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Sword removed from the head of home owners associations

14 January 2015 Aidan Kenny, Werksmans Attorneys

Home Owners Association (for example security estates established in terms of an statute and not classified as a sectional title development with a body corporate), are normally concerned about their inability to collect unpaid levies and penalty levies of homeowners, if declared insolvent or liquidated.

Recently the North Gauteng High Court, Pretoria, held Home Owners Associations, even with a clause in the title deed, to the effect the property cannot be transferred, if all outstanding levies and penalty levies are not paid, is not entitled to withhold the consent to transfer of the property if the levies are not paid. The trustees or liquidators can consequently transfer the property without payment of the levies or penalty levies or the required consent.

Aidan Kenny, director and property specialist at Werksmans Attorneys, says the decision sent shock waves through the Home Owners Association community. Home Owners Associations were concerned they will not be able to function effectively, by providing services such as security, garden services and water services funded by levies which is collected from homeowners declared insolvent or liquidated.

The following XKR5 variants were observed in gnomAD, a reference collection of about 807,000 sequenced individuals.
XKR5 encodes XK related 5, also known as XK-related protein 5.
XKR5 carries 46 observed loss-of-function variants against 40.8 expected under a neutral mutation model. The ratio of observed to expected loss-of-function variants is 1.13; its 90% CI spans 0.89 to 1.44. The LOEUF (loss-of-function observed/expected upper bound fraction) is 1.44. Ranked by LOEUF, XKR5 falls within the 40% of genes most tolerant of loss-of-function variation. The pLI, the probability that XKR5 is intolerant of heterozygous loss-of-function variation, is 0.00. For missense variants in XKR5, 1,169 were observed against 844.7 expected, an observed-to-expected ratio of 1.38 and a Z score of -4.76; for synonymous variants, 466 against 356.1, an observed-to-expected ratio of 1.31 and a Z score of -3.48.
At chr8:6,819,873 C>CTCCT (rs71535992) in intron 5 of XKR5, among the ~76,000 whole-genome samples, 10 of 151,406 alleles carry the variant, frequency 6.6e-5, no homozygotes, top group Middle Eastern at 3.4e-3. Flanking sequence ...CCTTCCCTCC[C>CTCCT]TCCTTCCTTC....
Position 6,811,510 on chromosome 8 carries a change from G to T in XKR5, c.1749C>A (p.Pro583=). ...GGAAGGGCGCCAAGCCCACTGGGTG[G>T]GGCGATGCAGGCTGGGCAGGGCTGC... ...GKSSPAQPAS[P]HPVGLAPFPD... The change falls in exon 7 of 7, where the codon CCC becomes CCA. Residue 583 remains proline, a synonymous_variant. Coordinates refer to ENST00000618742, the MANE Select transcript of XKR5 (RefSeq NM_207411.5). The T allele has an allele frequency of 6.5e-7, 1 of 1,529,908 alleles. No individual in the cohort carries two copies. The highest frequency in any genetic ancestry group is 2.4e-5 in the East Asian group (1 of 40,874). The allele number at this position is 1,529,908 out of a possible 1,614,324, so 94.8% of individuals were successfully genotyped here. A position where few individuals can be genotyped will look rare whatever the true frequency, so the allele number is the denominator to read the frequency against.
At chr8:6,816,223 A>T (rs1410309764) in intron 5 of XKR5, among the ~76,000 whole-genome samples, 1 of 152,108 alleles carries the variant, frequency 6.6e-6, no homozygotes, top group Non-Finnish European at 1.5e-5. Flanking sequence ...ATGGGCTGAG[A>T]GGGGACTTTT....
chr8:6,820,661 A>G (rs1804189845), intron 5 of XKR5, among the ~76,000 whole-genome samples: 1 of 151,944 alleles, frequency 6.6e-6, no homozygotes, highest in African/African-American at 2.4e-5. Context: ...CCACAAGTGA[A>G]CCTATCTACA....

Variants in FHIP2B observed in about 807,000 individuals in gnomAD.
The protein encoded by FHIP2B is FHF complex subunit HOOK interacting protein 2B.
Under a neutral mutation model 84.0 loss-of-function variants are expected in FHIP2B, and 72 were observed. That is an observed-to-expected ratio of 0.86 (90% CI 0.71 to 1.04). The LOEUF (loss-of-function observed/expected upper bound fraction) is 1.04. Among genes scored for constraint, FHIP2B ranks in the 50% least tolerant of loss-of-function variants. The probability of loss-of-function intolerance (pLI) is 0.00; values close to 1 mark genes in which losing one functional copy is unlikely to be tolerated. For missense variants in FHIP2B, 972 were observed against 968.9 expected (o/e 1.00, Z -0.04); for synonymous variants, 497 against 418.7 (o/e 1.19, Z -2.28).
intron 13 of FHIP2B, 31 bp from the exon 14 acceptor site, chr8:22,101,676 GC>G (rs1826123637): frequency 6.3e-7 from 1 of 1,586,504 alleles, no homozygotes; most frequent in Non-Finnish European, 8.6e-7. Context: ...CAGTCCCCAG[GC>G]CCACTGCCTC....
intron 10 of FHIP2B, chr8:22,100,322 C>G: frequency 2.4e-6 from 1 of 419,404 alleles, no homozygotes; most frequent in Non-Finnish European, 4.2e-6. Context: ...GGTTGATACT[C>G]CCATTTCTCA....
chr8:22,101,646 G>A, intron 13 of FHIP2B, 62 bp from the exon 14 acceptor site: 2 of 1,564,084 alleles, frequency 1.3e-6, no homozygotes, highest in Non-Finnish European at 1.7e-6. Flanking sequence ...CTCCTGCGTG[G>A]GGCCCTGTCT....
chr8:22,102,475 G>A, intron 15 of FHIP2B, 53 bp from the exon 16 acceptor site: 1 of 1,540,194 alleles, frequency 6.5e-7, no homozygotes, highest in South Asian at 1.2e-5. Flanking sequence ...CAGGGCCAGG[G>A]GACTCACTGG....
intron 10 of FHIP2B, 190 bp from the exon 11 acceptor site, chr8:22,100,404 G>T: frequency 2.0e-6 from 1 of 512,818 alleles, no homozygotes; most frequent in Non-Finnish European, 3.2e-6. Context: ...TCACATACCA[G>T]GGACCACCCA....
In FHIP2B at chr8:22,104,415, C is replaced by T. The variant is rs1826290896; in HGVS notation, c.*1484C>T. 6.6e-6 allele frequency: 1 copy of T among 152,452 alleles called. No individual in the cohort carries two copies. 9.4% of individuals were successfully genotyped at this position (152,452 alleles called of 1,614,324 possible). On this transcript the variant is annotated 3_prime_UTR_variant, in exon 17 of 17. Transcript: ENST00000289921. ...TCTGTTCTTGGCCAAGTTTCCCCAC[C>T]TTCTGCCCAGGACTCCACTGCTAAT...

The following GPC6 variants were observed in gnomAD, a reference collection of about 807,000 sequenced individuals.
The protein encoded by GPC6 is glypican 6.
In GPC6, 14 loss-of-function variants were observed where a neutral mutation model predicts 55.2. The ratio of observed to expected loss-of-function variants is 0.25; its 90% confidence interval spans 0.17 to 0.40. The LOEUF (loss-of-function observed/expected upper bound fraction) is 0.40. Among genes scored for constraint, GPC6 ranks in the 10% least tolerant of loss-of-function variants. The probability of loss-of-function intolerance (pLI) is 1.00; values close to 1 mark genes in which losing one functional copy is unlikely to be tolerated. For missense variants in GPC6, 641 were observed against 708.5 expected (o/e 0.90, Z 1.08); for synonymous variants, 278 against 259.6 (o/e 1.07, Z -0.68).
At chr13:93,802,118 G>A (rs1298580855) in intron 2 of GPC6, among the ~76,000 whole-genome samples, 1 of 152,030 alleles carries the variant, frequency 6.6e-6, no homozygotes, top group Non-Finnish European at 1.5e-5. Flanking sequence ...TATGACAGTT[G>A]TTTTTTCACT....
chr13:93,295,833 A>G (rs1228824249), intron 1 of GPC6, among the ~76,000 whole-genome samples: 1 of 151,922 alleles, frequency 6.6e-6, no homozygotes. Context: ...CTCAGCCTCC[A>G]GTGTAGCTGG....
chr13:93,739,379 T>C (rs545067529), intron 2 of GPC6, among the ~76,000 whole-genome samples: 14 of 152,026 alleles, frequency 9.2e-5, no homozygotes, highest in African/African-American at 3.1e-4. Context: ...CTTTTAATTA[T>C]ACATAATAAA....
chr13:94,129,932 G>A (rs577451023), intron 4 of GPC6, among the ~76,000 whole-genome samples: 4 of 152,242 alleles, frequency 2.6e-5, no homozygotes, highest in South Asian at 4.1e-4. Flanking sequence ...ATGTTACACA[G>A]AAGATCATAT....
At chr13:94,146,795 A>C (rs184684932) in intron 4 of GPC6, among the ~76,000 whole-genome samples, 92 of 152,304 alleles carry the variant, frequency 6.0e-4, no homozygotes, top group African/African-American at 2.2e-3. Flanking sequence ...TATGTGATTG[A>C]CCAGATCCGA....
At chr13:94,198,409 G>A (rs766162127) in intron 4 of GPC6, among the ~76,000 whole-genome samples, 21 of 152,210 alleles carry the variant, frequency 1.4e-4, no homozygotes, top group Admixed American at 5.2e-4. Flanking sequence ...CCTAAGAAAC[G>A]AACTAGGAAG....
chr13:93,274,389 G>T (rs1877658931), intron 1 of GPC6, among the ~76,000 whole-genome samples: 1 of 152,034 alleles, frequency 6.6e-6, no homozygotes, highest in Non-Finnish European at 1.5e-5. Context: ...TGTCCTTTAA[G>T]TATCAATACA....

The Supreme Court of Appeal however brought relief recently when the decision of the North Gauteng High Court,Pretoria was over turned on appeal in the case of Willow Waters Home Owners Association Pty Ltd v Koka. The Court held that Home Owners Associations which had a clause in the Title Deed to the effect that a property cannot be transferred without the consent of the Home Owners Association, provides the Home Owners Association with theright to refuse to grant the consent, until the outstanding levies and penalty levies are paid by the trustees or liquidators.

The levies and penalty levies, were held to be cost in the realisation of the property as set forth in the Insolvency Act and the Home Owners Association is entitled to receive levies and penalty levies from the insolvent estate, as the trustees or liquidator steps in the shoes of the homeowner.

Werksmans Attorneys is of the opinion the aforementioned decision will prevent Home Owners Associations form facing a similar fate as an insolvent homeowner who is unable to pay the outstanding levies and penalty levies, for services which was funded by the Home Owners Association in anticipation of levies to be collected.

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